“What do you seek by calling me, O woman?” He boomed it out with an echo, hoping he sounded properly fearsome. Asperioth couldn’t quite remember the language, the exact phrasing that he was supposed to use. It had been so long since he’d had his Name called by a mortal. “I have little time to spend here. Tell me your desire.”
“I want more power.” Her eyes gleamed in the moonlight. “More power at my command without all these material components and . . . rituals.” Her lips parted, revealing slightly pointed canines at the edges of her smile, and she glanced over her shoulder.
Asperioth followed her gaze to a naked human male, almost as young as she, panting on a woolen blanket behind her. The youth lay unnaturally twisted and still, as though stunned from a working. It was a sophisticated method of raising power; she was no newcomer to the Craft, nor apparently to the rules of diabolical magick.
“I could give you more power in the same way this one has given it.” Asperioth beckoned, hoping he wasn’t leering too obviously. “Come hither into the center of my pentacle, and I shall grant your request.”
“I am young, but not one day old, dear.” She grimaced. “A demon child is not in my plans. Anyway, I’ve never heard of going into the pentacle with the demon. That has to be dangerous.”
Asperioth winced. “Please–we prefer the more correct term, ‘antiangel.’”
She rolled her eyes. “Whatever.”
Asperioth spread his arms wide, then pulled them in a bit as a shower of tiny blue sparks shot from the edge of the pentacle’s central pentagon, in which he stood. “I will do you no harm and plant no seed. You will find I can give you great pleasure as I increase your power.”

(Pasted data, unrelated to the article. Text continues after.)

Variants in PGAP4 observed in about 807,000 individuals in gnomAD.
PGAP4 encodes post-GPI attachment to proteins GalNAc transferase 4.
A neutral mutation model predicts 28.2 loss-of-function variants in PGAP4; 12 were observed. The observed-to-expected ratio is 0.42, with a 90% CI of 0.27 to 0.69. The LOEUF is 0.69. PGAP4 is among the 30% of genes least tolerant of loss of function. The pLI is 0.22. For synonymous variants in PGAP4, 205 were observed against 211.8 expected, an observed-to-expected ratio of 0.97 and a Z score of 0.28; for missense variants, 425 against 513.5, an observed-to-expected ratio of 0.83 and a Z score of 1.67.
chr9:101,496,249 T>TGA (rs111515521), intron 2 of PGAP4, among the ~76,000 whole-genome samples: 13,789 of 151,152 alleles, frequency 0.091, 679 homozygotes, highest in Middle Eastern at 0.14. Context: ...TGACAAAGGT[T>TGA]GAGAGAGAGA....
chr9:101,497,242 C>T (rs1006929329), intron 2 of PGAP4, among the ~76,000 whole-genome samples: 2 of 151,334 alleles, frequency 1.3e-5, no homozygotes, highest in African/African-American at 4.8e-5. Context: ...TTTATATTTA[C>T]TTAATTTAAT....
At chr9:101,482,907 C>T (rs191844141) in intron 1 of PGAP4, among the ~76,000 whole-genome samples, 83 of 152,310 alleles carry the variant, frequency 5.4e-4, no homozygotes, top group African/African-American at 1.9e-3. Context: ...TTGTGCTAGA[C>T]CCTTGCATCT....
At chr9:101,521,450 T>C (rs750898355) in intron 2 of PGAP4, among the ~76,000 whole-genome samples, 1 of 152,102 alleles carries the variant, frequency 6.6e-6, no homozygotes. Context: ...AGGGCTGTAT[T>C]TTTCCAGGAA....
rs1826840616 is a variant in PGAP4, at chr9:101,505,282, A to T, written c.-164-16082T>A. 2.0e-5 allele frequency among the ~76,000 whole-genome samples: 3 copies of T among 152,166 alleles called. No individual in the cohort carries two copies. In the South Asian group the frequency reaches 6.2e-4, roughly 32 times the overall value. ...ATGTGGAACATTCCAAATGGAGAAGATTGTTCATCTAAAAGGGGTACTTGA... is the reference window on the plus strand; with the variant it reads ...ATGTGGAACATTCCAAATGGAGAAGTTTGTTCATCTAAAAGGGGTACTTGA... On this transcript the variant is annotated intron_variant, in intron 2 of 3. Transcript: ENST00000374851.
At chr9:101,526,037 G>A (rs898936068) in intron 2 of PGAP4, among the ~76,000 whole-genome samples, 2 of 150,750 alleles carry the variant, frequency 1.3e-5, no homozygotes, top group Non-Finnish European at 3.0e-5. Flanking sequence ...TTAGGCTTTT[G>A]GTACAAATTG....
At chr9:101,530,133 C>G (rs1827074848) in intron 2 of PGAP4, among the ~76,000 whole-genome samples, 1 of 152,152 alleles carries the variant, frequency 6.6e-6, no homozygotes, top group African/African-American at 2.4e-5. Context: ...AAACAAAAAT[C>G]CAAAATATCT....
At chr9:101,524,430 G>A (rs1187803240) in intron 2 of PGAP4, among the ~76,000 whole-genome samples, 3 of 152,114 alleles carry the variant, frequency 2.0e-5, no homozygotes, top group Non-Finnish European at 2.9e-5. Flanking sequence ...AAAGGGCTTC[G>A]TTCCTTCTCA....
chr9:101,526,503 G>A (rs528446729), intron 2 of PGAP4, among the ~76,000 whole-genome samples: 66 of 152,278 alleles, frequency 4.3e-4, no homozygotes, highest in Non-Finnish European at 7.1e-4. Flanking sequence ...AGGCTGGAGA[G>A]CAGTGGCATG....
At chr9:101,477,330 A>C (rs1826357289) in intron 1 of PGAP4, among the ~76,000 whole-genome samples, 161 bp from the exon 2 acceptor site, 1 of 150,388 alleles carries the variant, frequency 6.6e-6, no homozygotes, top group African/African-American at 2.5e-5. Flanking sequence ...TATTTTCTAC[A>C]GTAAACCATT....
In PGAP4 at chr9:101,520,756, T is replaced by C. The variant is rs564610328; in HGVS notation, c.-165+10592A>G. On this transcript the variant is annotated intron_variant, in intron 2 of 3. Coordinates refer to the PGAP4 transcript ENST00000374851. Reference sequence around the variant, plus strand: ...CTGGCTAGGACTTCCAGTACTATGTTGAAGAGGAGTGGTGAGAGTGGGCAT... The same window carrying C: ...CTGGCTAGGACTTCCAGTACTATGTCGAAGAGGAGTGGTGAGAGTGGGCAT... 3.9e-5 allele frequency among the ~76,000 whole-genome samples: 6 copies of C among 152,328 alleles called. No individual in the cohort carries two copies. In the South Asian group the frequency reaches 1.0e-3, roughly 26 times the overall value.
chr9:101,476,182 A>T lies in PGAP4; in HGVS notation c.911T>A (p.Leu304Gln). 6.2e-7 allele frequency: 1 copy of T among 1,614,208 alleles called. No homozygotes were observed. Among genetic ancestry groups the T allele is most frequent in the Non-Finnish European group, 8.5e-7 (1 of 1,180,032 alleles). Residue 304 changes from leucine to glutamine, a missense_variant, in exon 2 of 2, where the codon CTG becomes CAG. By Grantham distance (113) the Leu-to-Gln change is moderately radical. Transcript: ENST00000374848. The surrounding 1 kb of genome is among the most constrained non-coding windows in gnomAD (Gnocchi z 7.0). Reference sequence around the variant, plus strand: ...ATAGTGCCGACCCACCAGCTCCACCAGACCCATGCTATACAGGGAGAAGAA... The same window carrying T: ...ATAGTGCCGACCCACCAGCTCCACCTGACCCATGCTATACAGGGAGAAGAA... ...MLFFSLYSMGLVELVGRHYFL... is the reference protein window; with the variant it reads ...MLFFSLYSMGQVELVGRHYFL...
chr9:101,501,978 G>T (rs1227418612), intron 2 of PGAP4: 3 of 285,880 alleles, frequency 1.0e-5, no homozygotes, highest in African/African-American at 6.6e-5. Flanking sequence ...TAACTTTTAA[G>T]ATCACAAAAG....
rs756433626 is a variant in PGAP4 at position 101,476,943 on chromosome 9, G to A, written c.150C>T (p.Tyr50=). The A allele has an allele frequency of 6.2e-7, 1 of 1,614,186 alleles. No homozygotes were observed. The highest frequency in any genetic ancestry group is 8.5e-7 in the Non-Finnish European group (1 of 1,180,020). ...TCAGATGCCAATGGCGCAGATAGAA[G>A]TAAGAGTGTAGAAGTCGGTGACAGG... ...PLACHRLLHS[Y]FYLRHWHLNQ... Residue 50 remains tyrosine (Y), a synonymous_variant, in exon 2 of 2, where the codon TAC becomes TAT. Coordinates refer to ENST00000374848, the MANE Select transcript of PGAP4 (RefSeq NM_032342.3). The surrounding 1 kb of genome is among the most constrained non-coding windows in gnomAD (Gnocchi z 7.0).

She gave him a hard look. “Don’t mess with me. You can give me power at my command just with a word. I want that word of power.”
Well, it had been worth a try. “All right. But within the confines of this figure, I feel cramped and uneasy. When I am made to be so, I cannot think.” The pentagram seemed claustrophobically small; it was squeezing his potbelly and his rear pillows. “Rub out a line so I can come forth, and I will grant you a word which will allow you to command power in an instant.”
“Forget it.” She glared at him. “You’re not coming out here, and I’m not coming in there. Do I look stupid? You stand right there and think fast. Just give me the word.”
All right, he would give her a word. But first he had to know what it was worth to her. “What is the payment you are willing to give for each use of this word?”
She scowled, pushing her wild dark hair back behind one ear. “What are you talking about?”
So she hadn’t read up as thoroughly as all that.
“I mean there is a cost for each use of the word. The power does not come from the sound of the word alone. It must be paid for by the sacrifice of some mortal component.”